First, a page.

Alex Brown leads a double life. By trade, he’s a draftsman for the Department of Public Works for Fairfax County, but come the weekends, he puts aside his scientific side and becomes Alex Brown, the Certified Master Barbeque Judge. For many, that sounds a lot more tempting and tastier than his day job.
How did this all come about?
As Brown explains, “I grew up in Chesterfield, Virginia,” he says. "And as a kid, my father used to cook barbecue for the local Shriners for their fundraisers. So I have been around barbeque most of my life.”
Thanks to his early barbeque indoctrination, back in 1994, Brown attended the D.C. Barbeque Battle, a Memphis in May contest, which was then located in Georgetown on the waterfront.
During this first event, he noticed a group of people gathered together and asked one of the organizers who they were. “Judges,” was the response. Being no stranger to barbeque with all its tastes, textures and aromas, and intrigued by the concept of “official judges,” Brown signed up to learn the judging ropes. By October, he had taken and passed the requisite classes on how to judge barbeque, and began touring the cook-off challenges. That was nearly 20 years ago, he says, and now he has earned the title of Certified Master Barbeque Judge with Kansas City Barbeque Association. “To become one,” he says, “you must judge 30 sanctioned contests, take a test, and cook with a barbeque team.”
In addition, Brown is a member of the Memphis Barbeque Association.
When asked to describe a typical judging day, Brown remembers the most outstanding “pig-out” from the D.C. contest when he judged in the finals, for an event.
“As a finals judge, you go to the top 3 teams in each category, and that means those cooking a whole hog, a shoulder, and ribs,” he says. “So I got to taste the best of the best, 9 teams in 2 ½ hours. When you first start out as a judge, you may eat. But once you get acclimated and begin to judge several competitions, you just taste and pick around. ... A lot of judges, when hanging out together before a contest, eat breakfast. Why? Because if you’re hungry during the competition, you eat, and you don’t want to do that if you are doing a contest. During a typical contest you can get anywhere from 1 to 2 pounds of meat per sample, per category, per team. That means a judge could walk away having eaten 4 to 5 pounds of barbecue very easily.”
Has he gained weight as a judge? “Well,” he says, “I fluctuate. I exercise a couple of days a week and work hard to reduce weight off season, but I can weigh an extra 20 pounds by the end of the completion season.”
Not surprisingly, as Brown confirms, the judges get special perks such as having the teams invite them into their cooking areas during off judging time because they want the judges to try their foods. “But they don’t like us much after the contest if they don’t win,” he says jokingly. There are a couple of negatives to being a judge, he says. First, judges do get full, and, second, they now know what good barbecue should taste like, and it’s hard to be on the receiving end of barbeque that isn’t so good.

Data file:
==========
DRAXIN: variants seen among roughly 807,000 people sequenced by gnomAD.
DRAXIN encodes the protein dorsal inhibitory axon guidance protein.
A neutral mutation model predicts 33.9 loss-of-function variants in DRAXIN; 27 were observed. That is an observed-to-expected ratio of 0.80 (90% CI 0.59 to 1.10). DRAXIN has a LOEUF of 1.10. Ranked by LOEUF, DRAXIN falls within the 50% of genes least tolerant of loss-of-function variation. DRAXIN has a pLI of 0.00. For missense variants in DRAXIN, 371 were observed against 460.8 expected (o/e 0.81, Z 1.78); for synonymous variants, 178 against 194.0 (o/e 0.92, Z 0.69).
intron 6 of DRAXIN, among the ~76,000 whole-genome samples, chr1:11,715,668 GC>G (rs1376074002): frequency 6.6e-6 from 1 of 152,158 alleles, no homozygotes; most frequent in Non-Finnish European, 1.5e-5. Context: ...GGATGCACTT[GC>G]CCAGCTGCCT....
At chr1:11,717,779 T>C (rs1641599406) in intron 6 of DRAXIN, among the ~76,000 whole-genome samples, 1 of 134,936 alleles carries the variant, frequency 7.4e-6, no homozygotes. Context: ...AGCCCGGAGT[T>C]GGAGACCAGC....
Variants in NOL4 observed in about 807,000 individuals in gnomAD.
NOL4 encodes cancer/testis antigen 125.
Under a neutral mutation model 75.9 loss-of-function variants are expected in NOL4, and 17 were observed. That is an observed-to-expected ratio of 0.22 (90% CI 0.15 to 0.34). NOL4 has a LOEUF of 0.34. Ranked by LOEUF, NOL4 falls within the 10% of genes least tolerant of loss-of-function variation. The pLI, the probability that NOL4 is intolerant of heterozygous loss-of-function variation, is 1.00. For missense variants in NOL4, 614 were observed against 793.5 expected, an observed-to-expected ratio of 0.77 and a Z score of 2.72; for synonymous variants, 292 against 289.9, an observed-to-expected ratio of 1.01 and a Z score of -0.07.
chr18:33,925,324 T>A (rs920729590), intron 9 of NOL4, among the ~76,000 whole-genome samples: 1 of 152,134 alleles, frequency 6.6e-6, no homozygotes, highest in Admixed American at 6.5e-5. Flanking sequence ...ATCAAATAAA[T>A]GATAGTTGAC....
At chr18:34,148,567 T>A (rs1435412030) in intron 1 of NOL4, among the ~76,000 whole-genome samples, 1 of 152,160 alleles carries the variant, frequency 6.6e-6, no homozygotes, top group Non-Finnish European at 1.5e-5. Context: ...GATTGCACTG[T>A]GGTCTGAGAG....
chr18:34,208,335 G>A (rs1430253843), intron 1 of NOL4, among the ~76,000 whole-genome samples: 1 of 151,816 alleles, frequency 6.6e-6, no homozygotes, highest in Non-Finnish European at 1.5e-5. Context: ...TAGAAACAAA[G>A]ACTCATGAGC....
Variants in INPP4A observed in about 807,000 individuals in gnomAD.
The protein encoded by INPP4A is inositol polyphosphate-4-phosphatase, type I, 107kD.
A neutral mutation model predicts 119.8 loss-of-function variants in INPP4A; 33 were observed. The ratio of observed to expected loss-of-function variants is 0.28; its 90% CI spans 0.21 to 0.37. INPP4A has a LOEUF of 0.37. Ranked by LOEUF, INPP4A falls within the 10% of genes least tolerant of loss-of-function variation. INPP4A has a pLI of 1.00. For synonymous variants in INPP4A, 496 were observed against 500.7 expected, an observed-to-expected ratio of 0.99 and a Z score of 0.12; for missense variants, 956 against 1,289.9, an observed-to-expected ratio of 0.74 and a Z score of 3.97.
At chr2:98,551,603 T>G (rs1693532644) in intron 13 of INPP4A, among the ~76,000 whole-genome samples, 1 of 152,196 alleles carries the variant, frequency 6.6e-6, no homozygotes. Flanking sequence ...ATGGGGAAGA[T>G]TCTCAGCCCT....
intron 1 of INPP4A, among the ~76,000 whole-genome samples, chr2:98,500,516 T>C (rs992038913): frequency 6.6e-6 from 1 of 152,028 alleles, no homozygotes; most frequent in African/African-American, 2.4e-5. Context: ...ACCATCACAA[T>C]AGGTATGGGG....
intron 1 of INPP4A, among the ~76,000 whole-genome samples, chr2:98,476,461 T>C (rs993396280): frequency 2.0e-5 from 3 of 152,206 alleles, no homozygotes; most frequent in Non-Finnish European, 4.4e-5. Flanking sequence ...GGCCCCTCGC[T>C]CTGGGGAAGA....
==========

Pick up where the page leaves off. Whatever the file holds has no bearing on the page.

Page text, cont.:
While Brown would not go on the record to endorse any particular local metro area barbeque destination, he does rave about 2 Memphis restaurants. “Some of the judges will get together when we are in Memphis,” he says, “and if we get there early enough we try all the spots we can find, and we have found some nice little mom and pop places, but two of them that we particularly enjoy are the Dancing Pigs and Cozy Corner.”
Recipe:BBQ Corned Beef Brisket
Alex Brown says: “It depends on how many briskets you buy: when I cook it, I cook 2 and at 5 pounds each. If you have a choice, buy flat cut rather than the point. ... About one hour before cooking, I take briskets out, heat up the grill to 200 degrees with wood or natural lump charcoal. Once I do that, I put on a favorite rub, about ½ cup seasonings I rub into the meat with my hands. Brisket fat side down onto the cooking rack. Then I put it into an aluminum pan... I want the brisket to cook slowly, so I push the fire to one side of the grill, and let smoke do the rest. I cook it for 2 hours, and I spritz it every 15 minutes with a solution of half water and half 7 Up or apple juice. I remove the pan from the grill, and remove the meat from the pan. I put the meat on a large sheet of foil, then rub it again with seasoning, wrap it in foil, and put in the oven for 3 hours at 200 degrees. After that, I remove the brisket, and save the juices [pan drippings]. I let the meat rest, and I run the juices through the [fat] separator, slice the meat, and pour the juices over top.”